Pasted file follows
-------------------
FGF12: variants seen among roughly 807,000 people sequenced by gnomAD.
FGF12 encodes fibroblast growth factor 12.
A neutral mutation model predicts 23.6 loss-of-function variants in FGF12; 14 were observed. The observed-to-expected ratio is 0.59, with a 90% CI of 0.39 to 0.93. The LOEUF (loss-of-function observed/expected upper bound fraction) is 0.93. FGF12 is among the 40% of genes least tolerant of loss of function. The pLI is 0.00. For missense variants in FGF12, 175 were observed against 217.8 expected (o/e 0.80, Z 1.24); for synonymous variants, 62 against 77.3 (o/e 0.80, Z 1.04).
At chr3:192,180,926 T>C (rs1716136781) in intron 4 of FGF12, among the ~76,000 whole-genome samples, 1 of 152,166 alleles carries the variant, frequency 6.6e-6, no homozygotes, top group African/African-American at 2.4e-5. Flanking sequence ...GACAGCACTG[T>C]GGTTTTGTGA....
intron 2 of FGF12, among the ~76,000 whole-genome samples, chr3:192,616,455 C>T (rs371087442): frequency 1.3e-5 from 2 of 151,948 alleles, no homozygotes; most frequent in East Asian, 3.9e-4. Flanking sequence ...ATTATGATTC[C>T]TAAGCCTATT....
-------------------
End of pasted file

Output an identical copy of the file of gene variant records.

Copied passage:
FGF12: variants seen among roughly 807,000 people sequenced by gnomAD.
FGF12 encodes fibroblast growth factor 12.
A neutral mutation model predicts 23.6 loss-of-function variants in FGF12; 14 were observed. The observed-to-expected ratio is 0.59, with a 90% CI of 0.39 to 0.93. The LOEUF (loss-of-function observed/expected upper bound fraction) is 0.93. FGF12 is among the 40% of genes least tolerant of loss of function. The pLI is 0.00. For missense variants in FGF12, 175 were observed against 217.8 expected (o/e 0.80, Z 1.24); for synonymous variants, 62 against 77.3 (o/e 0.80, Z 1.04).
At chr3:192,180,926 T>C (rs1716136781) in intron 4 of FGF12, among the ~76,000 whole-genome samples, 1 of 152,166 alleles carries the variant, frequency 6.6e-6, no homozygotes, top group African/African-American at 2.4e-5. Flanking sequence ...GACAGCACTG[T>C]GGTTTTGTGA....
intron 2 of FGF12, among the ~76,000 whole-genome samples, chr3:192,616,455 C>T (rs371087442): frequency 1.3e-5 from 2 of 151,948 alleles, no homozygotes; most frequent in East Asian, 3.9e-4. Flanking sequence ...ATTATGATTC[C>T]TAAGCCTATT....